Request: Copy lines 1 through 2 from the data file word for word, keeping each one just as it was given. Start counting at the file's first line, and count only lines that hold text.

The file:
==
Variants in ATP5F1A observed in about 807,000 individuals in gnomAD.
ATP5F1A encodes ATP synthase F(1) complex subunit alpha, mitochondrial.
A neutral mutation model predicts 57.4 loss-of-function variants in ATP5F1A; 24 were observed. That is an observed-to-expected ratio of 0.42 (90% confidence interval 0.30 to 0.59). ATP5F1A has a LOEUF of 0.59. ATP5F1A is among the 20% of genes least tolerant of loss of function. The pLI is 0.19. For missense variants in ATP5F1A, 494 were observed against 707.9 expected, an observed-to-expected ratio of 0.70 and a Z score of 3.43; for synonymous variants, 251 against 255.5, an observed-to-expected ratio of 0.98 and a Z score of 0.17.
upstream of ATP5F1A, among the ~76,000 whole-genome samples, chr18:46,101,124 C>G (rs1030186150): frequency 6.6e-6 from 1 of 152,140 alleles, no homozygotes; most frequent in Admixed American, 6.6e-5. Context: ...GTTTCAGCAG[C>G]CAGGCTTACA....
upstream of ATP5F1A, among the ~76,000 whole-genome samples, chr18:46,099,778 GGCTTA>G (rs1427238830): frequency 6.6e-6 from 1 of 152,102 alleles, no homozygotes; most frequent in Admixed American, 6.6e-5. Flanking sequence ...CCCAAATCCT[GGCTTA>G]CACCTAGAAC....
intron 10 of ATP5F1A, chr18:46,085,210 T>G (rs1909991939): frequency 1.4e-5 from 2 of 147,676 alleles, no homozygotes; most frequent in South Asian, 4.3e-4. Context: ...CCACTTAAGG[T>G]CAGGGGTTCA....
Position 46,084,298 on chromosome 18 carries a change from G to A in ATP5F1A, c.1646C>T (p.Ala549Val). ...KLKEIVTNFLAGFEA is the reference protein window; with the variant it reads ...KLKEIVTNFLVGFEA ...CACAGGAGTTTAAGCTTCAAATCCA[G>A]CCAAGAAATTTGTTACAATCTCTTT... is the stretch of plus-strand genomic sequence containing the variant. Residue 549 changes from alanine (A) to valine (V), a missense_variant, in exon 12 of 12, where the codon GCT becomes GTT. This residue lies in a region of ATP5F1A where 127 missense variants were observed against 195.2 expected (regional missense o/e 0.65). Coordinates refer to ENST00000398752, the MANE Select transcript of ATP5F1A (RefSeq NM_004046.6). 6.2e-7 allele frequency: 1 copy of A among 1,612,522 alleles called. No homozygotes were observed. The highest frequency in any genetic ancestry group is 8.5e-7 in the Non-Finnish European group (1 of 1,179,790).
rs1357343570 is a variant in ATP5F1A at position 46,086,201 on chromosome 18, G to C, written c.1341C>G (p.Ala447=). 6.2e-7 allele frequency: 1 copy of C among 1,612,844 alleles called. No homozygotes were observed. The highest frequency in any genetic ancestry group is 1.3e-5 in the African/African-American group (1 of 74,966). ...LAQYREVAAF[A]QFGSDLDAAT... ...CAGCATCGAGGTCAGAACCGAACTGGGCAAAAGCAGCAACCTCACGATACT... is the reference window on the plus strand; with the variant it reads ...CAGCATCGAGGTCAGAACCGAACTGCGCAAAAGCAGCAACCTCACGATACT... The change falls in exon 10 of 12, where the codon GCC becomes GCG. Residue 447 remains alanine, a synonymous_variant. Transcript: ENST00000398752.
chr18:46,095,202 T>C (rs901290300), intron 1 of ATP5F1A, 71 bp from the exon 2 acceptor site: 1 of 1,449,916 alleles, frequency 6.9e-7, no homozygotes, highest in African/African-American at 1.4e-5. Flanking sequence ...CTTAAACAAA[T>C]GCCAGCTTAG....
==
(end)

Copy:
Variants in ATP5F1A observed in about 807,000 individuals in gnomAD.
ATP5F1A encodes ATP synthase F(1) complex subunit alpha, mitochondrial.